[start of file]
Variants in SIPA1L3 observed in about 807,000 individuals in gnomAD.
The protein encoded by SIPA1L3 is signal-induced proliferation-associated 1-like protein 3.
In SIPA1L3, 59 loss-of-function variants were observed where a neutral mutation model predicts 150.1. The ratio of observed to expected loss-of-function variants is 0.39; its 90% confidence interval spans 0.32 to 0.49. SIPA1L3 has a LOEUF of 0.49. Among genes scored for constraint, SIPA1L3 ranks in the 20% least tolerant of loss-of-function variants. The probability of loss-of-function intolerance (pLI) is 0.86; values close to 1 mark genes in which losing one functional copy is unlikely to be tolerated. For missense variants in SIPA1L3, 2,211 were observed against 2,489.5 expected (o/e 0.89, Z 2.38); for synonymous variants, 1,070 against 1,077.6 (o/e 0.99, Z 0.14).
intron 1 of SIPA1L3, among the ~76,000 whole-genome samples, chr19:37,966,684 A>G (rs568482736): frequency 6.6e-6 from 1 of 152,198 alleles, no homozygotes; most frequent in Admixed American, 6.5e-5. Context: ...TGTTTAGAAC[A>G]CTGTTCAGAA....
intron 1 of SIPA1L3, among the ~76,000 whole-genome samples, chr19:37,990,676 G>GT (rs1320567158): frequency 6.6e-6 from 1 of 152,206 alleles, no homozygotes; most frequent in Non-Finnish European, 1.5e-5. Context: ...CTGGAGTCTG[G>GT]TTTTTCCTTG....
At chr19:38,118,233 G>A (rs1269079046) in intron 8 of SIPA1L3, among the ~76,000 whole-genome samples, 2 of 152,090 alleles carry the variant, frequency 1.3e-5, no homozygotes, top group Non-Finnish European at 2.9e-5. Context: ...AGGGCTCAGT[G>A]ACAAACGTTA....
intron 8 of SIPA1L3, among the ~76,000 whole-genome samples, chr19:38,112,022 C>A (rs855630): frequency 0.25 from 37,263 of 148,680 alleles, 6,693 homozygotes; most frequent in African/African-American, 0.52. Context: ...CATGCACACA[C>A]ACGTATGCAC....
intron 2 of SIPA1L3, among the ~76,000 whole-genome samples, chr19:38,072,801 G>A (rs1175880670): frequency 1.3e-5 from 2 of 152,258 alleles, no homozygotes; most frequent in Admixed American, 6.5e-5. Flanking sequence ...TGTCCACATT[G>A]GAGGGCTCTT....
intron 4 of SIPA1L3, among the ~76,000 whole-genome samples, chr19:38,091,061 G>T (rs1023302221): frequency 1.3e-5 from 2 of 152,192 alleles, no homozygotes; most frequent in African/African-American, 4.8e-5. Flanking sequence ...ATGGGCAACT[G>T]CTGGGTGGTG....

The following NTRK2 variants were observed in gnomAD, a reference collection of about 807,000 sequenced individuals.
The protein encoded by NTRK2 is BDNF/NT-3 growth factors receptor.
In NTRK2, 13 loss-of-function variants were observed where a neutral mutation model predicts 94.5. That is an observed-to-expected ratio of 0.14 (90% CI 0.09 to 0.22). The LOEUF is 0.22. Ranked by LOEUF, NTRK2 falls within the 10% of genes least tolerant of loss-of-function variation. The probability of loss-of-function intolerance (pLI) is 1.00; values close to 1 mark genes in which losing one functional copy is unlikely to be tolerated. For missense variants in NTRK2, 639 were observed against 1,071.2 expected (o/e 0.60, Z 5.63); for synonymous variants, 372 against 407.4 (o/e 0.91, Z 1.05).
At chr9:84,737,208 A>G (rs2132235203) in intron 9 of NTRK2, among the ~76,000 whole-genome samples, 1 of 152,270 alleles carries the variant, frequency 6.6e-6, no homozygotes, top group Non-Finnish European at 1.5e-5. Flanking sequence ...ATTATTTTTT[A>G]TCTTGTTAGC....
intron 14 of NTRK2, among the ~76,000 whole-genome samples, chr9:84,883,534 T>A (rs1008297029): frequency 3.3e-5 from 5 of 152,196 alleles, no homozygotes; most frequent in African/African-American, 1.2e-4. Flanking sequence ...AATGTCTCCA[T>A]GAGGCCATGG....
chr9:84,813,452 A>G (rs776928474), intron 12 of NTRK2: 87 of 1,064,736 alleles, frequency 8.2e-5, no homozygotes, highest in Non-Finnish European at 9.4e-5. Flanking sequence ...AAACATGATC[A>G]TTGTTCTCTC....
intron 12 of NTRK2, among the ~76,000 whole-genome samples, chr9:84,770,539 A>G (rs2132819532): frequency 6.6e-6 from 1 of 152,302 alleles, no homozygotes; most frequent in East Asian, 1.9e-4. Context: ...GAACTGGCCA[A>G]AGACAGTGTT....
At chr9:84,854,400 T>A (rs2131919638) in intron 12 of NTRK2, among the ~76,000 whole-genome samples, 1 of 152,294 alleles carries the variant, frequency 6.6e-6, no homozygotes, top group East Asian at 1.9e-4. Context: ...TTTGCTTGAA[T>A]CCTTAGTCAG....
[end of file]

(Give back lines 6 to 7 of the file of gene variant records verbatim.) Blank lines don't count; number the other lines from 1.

At chr19:38,118,233 G>A (rs1269079046) in intron 8 of SIPA1L3, among the ~76,000 whole-genome samples, 2 of 152,090 alleles carry the variant, frequency 1.3e-5, no homozygotes, top group Non-Finnish European at 2.9e-5. Context: ...AGGGCTCAGT[G>A]ACAAACGTTA....
intron 8 of SIPA1L3, among the ~76,000 whole-genome samples, chr19:38,112,022 C>A (rs855630): frequency 0.25 from 37,263 of 148,680 alleles, 6,693 homozygotes; most frequent in African/African-American, 0.52. Context: ...CATGCACACA[C>A]ACGTATGCAC....